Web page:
Journal Menu► ▼ Journal Menu
Journal Browser► ▼ Journal Browser
Special Issue "Thalassemia Research: Focus on Novel Molecular Insights and Clinical Perspectives"
A special issue of Biology (ISSN 2079-7737).
Deadline for manuscript submissions: 20 July 2023 | Viewed by 15170
Special Issue Editors
Interests: thalassemia; leukemia; gene expression; transcriptional factors; mitochondria function; oxidative stress
Interests: hemoglobinopathies; blood disorders; bone marrow diseases
Special Issue Information
The thalassemia syndromes are among the most common human monogenic disorders worldwide, with a remarkably high incidence in the Mediterranean basin, part of Sub-Saharan Africa, the Middle East, the Indian subcontinent, and Southeast Asia. However, as the result of massive population movements, and given the chronicity of the disease and the high cost of life-long treatments, they are also becoming an important public health burden in many other European and American countries.
Historically, since the early, pioneering studies, thalassemia research has always provided inspiring lessons for discovering the complex processes and the variety of the structural elements involved in the regulation of gene expression as well as for exploring the molecular bases and the inheritance mechanisms of other human diseases. However, despite the impressive body of knowledge gathered in these decades, there is still a need for further studies in molecular genetics and clinical management that could contribute to define more effective prevention programs and support the development of novel drugs and more successful and affordable gene-therapy strategies.
To achieve these challenging targets, more in-depth knowledge is required with particular regard to the contribution of modifying factors on the clinical heterogeneity of thalassemias, the genetic control of fetal hemoglobin, the identification of novel therapeutic targets, and the advances in clinical practice leading to increase life expectancy and improve quality of life.
The purpose of this Special Issue is thus to provide novel insights and perspectives into this continually evolving topic that in the future could lead to a definitive and affordable cure for these disorders. We also hope that the research described herein can be a source of inspiration to the readers for further studies in this fascinating and not yet fully explored field.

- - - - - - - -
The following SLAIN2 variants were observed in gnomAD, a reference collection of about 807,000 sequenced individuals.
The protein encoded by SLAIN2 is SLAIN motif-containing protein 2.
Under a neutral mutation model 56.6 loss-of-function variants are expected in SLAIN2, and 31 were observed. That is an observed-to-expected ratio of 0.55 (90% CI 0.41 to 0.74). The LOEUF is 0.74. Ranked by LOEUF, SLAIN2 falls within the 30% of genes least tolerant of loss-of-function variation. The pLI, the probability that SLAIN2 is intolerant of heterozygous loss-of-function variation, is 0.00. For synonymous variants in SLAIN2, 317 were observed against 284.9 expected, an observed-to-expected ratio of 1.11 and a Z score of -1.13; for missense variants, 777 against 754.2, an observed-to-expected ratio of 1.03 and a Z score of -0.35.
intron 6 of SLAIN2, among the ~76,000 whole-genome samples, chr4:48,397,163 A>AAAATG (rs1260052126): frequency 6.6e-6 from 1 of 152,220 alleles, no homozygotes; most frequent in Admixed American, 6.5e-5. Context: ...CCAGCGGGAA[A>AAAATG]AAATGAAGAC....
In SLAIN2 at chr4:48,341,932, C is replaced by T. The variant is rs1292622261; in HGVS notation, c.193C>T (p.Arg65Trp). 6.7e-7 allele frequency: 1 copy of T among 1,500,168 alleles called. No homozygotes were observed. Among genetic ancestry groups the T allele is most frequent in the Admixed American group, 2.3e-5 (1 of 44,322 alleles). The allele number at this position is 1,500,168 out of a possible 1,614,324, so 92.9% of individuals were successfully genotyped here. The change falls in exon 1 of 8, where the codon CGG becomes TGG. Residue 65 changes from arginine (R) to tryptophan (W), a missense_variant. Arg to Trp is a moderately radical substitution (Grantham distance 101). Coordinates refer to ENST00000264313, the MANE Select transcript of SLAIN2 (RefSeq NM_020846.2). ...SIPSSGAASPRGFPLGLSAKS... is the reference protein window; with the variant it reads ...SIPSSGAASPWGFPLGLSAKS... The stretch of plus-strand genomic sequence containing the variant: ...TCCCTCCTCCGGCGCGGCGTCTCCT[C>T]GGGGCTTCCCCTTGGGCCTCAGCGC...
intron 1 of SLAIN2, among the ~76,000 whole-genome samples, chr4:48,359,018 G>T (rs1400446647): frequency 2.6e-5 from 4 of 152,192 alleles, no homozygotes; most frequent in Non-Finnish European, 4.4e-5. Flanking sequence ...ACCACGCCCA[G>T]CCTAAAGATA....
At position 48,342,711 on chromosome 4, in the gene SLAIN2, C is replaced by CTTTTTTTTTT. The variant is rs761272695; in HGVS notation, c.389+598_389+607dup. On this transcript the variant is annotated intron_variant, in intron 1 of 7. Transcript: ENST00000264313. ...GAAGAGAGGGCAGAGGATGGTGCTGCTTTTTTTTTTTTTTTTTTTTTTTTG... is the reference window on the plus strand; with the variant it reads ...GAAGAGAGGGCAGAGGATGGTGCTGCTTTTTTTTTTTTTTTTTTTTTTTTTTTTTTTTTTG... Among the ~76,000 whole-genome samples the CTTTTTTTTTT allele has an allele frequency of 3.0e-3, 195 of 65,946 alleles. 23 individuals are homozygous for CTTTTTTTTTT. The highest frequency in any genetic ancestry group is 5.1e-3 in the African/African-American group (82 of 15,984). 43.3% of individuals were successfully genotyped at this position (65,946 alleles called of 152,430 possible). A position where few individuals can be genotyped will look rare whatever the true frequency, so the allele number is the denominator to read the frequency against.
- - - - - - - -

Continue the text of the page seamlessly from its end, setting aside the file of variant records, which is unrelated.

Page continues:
Dr. Michela Grosso
Dr. Alexandros Makis
Manuscript Submission Information
Manuscripts should be submitted online at www.mdpi.com by registering and logging in to this website. Once you are registered, click here to go to the submission form. Manuscripts can be submitted until the deadline. All submissions that pass pre-check are peer-reviewed. Accepted papers will be published continuously in the journal (as soon as accepted) and will be listed together on the special issue website. Research articles, review articles as well as short communications are invited. For planned papers, a title and short abstract (about 100 words) can be sent to the Editorial Office for announcement on this website.
Submitted manuscripts should not have been published previously, nor be under consideration for publication elsewhere (except conference proceedings papers). All manuscripts are thoroughly refereed through a single-blind peer-review process. A guide for authors and other relevant information for submission of manuscripts is available on the Instructions for Authors page. Biology is an international peer-reviewed open access monthly journal published by MDPI.
Please visit the Instructions for Authors page before submitting a manuscript. The Article Processing Charge (APC) for publication in this open access journal is 2200 CHF (Swiss Francs). Submitted papers should be well formatted and use good English. Authors may use MDPI's English editing service prior to publication or during author revisions.
- globin gene switching
- fetal hemoglobin
- genetic modifiers
- gene therapy
- clinical management
- transcriptional factors
- gene silencing
- genome editing
- mutation detection